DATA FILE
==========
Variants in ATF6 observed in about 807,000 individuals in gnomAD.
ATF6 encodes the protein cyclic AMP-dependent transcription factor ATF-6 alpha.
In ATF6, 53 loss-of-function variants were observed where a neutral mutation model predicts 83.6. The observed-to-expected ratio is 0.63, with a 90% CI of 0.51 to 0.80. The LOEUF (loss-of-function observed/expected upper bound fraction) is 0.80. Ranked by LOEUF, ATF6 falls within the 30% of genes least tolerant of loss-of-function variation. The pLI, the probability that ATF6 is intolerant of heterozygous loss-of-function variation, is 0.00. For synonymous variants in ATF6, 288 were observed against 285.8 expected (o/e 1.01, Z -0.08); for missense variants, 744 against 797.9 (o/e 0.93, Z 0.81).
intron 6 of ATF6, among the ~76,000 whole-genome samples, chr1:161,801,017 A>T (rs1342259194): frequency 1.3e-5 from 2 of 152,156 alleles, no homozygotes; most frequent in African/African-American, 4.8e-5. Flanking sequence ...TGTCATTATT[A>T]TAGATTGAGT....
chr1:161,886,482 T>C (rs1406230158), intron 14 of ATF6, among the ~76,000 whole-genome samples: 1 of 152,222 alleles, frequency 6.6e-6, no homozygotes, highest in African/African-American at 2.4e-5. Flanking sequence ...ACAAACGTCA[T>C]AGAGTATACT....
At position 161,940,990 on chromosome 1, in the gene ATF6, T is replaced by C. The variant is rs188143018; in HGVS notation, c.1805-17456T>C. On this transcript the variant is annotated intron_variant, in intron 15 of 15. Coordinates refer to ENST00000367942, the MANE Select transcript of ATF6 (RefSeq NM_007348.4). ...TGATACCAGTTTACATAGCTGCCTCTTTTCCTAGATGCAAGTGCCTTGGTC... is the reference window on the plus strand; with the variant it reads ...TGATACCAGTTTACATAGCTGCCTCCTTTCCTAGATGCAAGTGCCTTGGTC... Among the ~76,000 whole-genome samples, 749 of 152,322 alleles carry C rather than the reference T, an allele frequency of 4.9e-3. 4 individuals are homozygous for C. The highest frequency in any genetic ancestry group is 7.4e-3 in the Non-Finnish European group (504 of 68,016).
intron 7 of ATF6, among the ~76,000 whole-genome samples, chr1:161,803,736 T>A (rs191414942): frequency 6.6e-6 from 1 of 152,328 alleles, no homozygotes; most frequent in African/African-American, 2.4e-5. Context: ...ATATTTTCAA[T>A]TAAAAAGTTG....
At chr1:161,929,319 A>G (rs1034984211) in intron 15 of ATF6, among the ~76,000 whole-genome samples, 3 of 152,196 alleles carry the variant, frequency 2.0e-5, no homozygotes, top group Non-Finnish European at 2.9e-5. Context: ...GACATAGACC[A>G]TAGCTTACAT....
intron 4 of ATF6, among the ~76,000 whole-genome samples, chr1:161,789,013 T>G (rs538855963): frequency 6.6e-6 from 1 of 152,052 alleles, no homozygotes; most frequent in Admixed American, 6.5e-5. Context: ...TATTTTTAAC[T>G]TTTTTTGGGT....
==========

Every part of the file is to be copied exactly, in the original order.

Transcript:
Variants in ATF6 observed in about 807,000 individuals in gnomAD.
ATF6 encodes the protein cyclic AMP-dependent transcription factor ATF-6 alpha.
In ATF6, 53 loss-of-function variants were observed where a neutral mutation model predicts 83.6. The observed-to-expected ratio is 0.63, with a 90% CI of 0.51 to 0.80. The LOEUF (loss-of-function observed/expected upper bound fraction) is 0.80. Ranked by LOEUF, ATF6 falls within the 30% of genes least tolerant of loss-of-function variation. The pLI, the probability that ATF6 is intolerant of heterozygous loss-of-function variation, is 0.00. For synonymous variants in ATF6, 288 were observed against 285.8 expected (o/e 1.01, Z -0.08); for missense variants, 744 against 797.9 (o/e 0.93, Z 0.81).
intron 6 of ATF6, among the ~76,000 whole-genome samples, chr1:161,801,017 A>T (rs1342259194): frequency 1.3e-5 from 2 of 152,156 alleles, no homozygotes; most frequent in African/African-American, 4.8e-5. Flanking sequence ...TGTCATTATT[A>T]TAGATTGAGT....
chr1:161,886,482 T>C (rs1406230158), intron 14 of ATF6, among the ~76,000 whole-genome samples: 1 of 152,222 alleles, frequency 6.6e-6, no homozygotes, highest in African/African-American at 2.4e-5. Flanking sequence ...ACAAACGTCA[T>C]AGAGTATACT....
At position 161,940,990 on chromosome 1, in the gene ATF6, T is replaced by C. The variant is rs188143018; in HGVS notation, c.1805-17456T>C. On this transcript the variant is annotated intron_variant, in intron 15 of 15. Coordinates refer to ENST00000367942, the MANE Select transcript of ATF6 (RefSeq NM_007348.4). ...TGATACCAGTTTACATAGCTGCCTCTTTTCCTAGATGCAAGTGCCTTGGTC... is the reference window on the plus strand; with the variant it reads ...TGATACCAGTTTACATAGCTGCCTCCTTTCCTAGATGCAAGTGCCTTGGTC... Among the ~76,000 whole-genome samples, 749 of 152,322 alleles carry C rather than the reference T, an allele frequency of 4.9e-3. 4 individuals are homozygous for C. The highest frequency in any genetic ancestry group is 7.4e-3 in the Non-Finnish European group (504 of 68,016).
intron 7 of ATF6, among the ~76,000 whole-genome samples, chr1:161,803,736 T>A (rs191414942): frequency 6.6e-6 from 1 of 152,328 alleles, no homozygotes; most frequent in African/African-American, 2.4e-5. Context: ...ATATTTTCAA[T>A]TAAAAAGTTG....
At chr1:161,929,319 A>G (rs1034984211) in intron 15 of ATF6, among the ~76,000 whole-genome samples, 3 of 152,196 alleles carry the variant, frequency 2.0e-5, no homozygotes, top group Non-Finnish European at 2.9e-5. Context: ...GACATAGACC[A>G]TAGCTTACAT....
intron 4 of ATF6, among the ~76,000 whole-genome samples, chr1:161,789,013 T>G (rs538855963): frequency 6.6e-6 from 1 of 152,052 alleles, no homozygotes; most frequent in Admixed American, 6.5e-5. Context: ...TATTTTTAAC[T>G]TTTTTTGGGT....